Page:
One in eight women will be told she has breast cancer in her lifetime.
Jahleel Addae knows exactly how much that diagnosis can affect a family.
Five years ago, during Addae's rookie season, he learned his mother had breast cancer. Now cancer free, she – along with Travis Benjamin's mother and grandmother, also breast cancer survivors – will be firing the canon to open the Chargers' Crucial Catch game this Sunday.
"It means everything (for her to do this)," Addae said. "I've seen it affect my family personally. It takes a toll on the family as a whole. My mom was strong, she stayed true to her beliefs and stayed prayed up and she fought it. I went to chemo with her a few times. I've seen her be a true superhero and fight a battle that most people unfortunately were not able to fight and beat. So, it's everything to play for this organization that I play for, to play for such a business that I play for in the NFL that's putting this on for Sunday's game and allowing my mom to be a part of it, and allow her to relive it as an accomplishment. It's awesome."
Throughout the week, the Chargers have been kicking off their campaign to intercept cancer, starting with Community Tuesday, where team members attended a creative expressions art class with breast cancer survivors at Hoag Hospital in Newport Beach.
The Chargers kicked off their annual Crucial Catch campaign with a special Creative Expressions for Breast Cancer Survivors paint class at Hoag Family Cancer Institute.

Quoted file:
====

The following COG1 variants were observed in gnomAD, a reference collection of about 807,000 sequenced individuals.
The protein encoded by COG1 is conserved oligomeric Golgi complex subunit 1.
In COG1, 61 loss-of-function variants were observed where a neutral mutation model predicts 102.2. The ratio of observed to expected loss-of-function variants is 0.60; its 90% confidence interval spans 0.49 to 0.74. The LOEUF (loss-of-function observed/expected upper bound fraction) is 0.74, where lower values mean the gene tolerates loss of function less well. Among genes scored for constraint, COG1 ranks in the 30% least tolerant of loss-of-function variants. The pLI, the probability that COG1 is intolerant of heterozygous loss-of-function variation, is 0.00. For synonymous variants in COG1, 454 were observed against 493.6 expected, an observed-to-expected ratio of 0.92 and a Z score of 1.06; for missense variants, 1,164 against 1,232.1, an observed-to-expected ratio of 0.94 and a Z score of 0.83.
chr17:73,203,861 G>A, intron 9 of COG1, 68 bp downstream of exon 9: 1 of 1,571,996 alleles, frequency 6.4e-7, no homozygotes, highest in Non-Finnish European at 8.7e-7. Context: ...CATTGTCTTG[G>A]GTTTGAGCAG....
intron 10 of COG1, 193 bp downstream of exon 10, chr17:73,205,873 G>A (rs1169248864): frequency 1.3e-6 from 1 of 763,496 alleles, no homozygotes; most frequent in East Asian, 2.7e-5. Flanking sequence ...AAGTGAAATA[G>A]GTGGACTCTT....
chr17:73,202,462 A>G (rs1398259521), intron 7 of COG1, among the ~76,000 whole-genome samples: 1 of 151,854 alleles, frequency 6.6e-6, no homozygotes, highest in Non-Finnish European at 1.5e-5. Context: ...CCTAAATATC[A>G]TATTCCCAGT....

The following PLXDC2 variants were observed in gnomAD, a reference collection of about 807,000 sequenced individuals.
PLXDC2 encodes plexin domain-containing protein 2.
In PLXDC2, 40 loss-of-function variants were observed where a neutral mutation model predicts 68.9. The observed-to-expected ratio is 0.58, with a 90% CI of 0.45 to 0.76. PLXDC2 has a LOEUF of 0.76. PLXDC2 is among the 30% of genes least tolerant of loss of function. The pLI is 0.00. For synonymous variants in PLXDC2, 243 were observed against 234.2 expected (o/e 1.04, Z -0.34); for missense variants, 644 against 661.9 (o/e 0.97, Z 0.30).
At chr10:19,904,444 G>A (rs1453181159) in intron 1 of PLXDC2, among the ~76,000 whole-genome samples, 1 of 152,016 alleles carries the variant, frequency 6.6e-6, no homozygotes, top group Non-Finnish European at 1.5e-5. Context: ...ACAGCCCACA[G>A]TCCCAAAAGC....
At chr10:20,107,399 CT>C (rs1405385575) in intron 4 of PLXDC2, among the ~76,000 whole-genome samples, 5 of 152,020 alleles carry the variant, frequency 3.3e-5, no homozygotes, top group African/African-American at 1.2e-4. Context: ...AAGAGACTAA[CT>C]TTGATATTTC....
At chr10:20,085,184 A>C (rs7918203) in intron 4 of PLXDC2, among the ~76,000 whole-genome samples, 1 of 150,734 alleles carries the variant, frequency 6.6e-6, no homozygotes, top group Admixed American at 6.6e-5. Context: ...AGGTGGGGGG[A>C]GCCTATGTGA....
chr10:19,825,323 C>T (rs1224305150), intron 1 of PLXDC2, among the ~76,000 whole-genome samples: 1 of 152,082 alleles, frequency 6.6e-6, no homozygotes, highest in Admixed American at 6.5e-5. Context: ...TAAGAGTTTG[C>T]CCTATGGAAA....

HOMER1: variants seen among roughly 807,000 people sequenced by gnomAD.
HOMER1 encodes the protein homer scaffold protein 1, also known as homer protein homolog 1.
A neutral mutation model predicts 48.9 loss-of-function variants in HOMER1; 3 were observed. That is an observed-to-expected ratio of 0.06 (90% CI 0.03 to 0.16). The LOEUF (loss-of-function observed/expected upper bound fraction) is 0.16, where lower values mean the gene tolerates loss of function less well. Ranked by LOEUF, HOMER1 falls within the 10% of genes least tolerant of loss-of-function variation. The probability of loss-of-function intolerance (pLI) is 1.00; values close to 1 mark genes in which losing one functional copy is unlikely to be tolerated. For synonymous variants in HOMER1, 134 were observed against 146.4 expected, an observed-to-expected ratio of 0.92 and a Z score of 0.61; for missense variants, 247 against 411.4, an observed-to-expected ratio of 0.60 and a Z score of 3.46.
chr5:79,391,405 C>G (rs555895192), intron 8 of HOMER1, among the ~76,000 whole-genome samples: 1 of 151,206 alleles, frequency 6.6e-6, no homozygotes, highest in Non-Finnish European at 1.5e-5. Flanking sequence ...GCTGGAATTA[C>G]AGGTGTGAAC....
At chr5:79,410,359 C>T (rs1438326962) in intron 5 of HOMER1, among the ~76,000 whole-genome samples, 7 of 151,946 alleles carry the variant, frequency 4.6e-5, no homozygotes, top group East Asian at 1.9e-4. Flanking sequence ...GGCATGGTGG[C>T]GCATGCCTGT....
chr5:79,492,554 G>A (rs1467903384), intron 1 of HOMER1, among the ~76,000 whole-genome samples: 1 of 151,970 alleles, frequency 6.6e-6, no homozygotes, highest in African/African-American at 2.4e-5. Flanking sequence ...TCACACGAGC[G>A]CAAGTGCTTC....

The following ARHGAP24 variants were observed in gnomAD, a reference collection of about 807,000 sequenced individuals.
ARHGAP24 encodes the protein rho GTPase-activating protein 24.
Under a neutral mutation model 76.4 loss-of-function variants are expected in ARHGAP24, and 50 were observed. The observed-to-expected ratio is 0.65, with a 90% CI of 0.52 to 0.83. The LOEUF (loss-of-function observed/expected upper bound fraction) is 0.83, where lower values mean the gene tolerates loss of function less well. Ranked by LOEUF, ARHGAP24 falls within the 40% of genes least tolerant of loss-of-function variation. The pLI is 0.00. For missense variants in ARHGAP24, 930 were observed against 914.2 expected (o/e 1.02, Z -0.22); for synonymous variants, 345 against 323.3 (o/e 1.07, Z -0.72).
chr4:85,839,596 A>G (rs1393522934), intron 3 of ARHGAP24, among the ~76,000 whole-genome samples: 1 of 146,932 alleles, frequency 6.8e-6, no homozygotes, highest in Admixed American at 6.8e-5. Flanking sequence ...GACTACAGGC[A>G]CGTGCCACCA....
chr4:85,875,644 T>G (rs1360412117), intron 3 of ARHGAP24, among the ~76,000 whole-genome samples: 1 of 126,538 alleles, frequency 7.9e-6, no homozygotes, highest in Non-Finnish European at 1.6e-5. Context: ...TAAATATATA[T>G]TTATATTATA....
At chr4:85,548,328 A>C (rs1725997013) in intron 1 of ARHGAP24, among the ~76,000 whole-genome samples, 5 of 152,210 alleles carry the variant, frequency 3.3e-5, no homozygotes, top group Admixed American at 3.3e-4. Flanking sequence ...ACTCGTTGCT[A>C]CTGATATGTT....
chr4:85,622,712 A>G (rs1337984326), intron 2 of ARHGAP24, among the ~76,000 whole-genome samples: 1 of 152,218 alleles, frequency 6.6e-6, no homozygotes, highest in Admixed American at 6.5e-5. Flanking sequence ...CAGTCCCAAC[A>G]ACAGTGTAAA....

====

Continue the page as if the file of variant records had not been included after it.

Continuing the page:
Since 2009, the NFL and the 32 club teams have raised more than $18.5 million for cancer research in partnership with the American Cancer Society. Originally focused on breast cancer awareness, the Crucial Catch campaign has been expanded to include awareness for multiple types of cancer including colon and cervical. The Chargers continue to spotlight breast cancer awareness due to the impact the disease has had on the Spanos family as well as the players' loved ones.
For Sunday's matchup, there will be another color amongst the classic powder blues. The Bolts will be donning pink gloves and cleats to honor those who have been affected by breast cancer – an impactful moment for Addae.
"I get to represent something that my mom battled, something that my mom beat, and I'm looking forward to it," he remarked.
Known by the nickname "Hitman," Addae is clearly a tough player as he makes game-changing tackles on the field. He attributes that toughness to his mom. He continues to gain inspiration from her courage and perseverance during her past battle, and as he takes the field for Sunday's special game, she'll be at the top of his mind.
"The funny thing about it is I get my toughness from her," Addae said. "A lot of people say I look like my mom, I act like my mom. When she was going through it, she was the toughest soldier. There was never one time you'd see her down (or) one time you'd see her out, and that's a lot of motivation for me being her son. If she can get through that, then anything that I go through that's minor whether it be in the business or it be in the personal life, I can get through it as well."